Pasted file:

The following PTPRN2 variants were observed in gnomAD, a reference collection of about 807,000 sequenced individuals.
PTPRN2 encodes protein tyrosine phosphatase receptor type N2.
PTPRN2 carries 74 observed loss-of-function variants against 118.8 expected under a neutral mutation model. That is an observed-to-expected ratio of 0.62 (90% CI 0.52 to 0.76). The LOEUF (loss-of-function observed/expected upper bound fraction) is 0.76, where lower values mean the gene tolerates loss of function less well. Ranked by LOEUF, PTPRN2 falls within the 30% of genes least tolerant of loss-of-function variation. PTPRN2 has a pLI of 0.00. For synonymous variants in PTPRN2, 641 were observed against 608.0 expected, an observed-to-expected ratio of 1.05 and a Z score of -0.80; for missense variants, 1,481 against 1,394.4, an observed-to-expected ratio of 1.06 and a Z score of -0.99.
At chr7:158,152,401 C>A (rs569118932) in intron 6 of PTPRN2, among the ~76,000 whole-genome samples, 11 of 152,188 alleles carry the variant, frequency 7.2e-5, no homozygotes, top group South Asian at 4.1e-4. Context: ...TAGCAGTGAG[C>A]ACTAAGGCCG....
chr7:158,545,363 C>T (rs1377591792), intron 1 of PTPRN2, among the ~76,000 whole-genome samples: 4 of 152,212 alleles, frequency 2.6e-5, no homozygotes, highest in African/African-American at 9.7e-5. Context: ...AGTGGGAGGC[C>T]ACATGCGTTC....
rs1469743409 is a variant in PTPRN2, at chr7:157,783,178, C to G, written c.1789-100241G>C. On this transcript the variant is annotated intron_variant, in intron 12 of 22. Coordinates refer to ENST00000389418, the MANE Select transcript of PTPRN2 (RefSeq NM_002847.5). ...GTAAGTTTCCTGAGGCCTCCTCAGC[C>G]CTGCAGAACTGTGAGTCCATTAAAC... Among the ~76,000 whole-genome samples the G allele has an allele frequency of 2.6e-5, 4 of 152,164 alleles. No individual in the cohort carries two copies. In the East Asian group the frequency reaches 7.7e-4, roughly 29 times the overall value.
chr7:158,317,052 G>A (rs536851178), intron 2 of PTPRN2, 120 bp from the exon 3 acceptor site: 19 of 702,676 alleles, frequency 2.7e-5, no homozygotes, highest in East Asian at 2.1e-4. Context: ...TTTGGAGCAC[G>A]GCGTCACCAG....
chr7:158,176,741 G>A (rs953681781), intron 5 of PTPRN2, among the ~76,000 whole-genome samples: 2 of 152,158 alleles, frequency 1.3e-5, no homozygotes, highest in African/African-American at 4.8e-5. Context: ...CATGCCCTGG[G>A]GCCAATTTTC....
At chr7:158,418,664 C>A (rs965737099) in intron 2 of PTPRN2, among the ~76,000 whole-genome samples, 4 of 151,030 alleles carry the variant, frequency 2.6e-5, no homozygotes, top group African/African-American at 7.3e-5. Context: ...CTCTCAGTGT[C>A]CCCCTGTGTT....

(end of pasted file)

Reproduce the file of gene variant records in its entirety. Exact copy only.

The following PTPRN2 variants were observed in gnomAD, a reference collection of about 807,000 sequenced individuals.
PTPRN2 encodes protein tyrosine phosphatase receptor type N2.
PTPRN2 carries 74 observed loss-of-function variants against 118.8 expected under a neutral mutation model. That is an observed-to-expected ratio of 0.62 (90% CI 0.52 to 0.76). The LOEUF (loss-of-function observed/expected upper bound fraction) is 0.76, where lower values mean the gene tolerates loss of function less well. Ranked by LOEUF, PTPRN2 falls within the 30% of genes least tolerant of loss-of-function variation. PTPRN2 has a pLI of 0.00. For synonymous variants in PTPRN2, 641 were observed against 608.0 expected, an observed-to-expected ratio of 1.05 and a Z score of -0.80; for missense variants, 1,481 against 1,394.4, an observed-to-expected ratio of 1.06 and a Z score of -0.99.
At chr7:158,152,401 C>A (rs569118932) in intron 6 of PTPRN2, among the ~76,000 whole-genome samples, 11 of 152,188 alleles carry the variant, frequency 7.2e-5, no homozygotes, top group South Asian at 4.1e-4. Context: ...TAGCAGTGAG[C>A]ACTAAGGCCG....
chr7:158,545,363 C>T (rs1377591792), intron 1 of PTPRN2, among the ~76,000 whole-genome samples: 4 of 152,212 alleles, frequency 2.6e-5, no homozygotes, highest in African/African-American at 9.7e-5. Context: ...AGTGGGAGGC[C>T]ACATGCGTTC....
rs1469743409 is a variant in PTPRN2, at chr7:157,783,178, C to G, written c.1789-100241G>C. On this transcript the variant is annotated intron_variant, in intron 12 of 22. Coordinates refer to ENST00000389418, the MANE Select transcript of PTPRN2 (RefSeq NM_002847.5). ...GTAAGTTTCCTGAGGCCTCCTCAGC[C>G]CTGCAGAACTGTGAGTCCATTAAAC... Among the ~76,000 whole-genome samples the G allele has an allele frequency of 2.6e-5, 4 of 152,164 alleles. No individual in the cohort carries two copies. In the East Asian group the frequency reaches 7.7e-4, roughly 29 times the overall value.
chr7:158,317,052 G>A (rs536851178), intron 2 of PTPRN2, 120 bp from the exon 3 acceptor site: 19 of 702,676 alleles, frequency 2.7e-5, no homozygotes, highest in East Asian at 2.1e-4. Context: ...TTTGGAGCAC[G>A]GCGTCACCAG....
chr7:158,176,741 G>A (rs953681781), intron 5 of PTPRN2, among the ~76,000 whole-genome samples: 2 of 152,158 alleles, frequency 1.3e-5, no homozygotes, highest in African/African-American at 4.8e-5. Context: ...CATGCCCTGG[G>A]GCCAATTTTC....
At chr7:158,418,664 C>A (rs965737099) in intron 2 of PTPRN2, among the ~76,000 whole-genome samples, 4 of 151,030 alleles carry the variant, frequency 2.6e-5, no homozygotes, top group African/African-American at 7.3e-5. Context: ...CTCTCAGTGT[C>A]CCCCTGTGTT....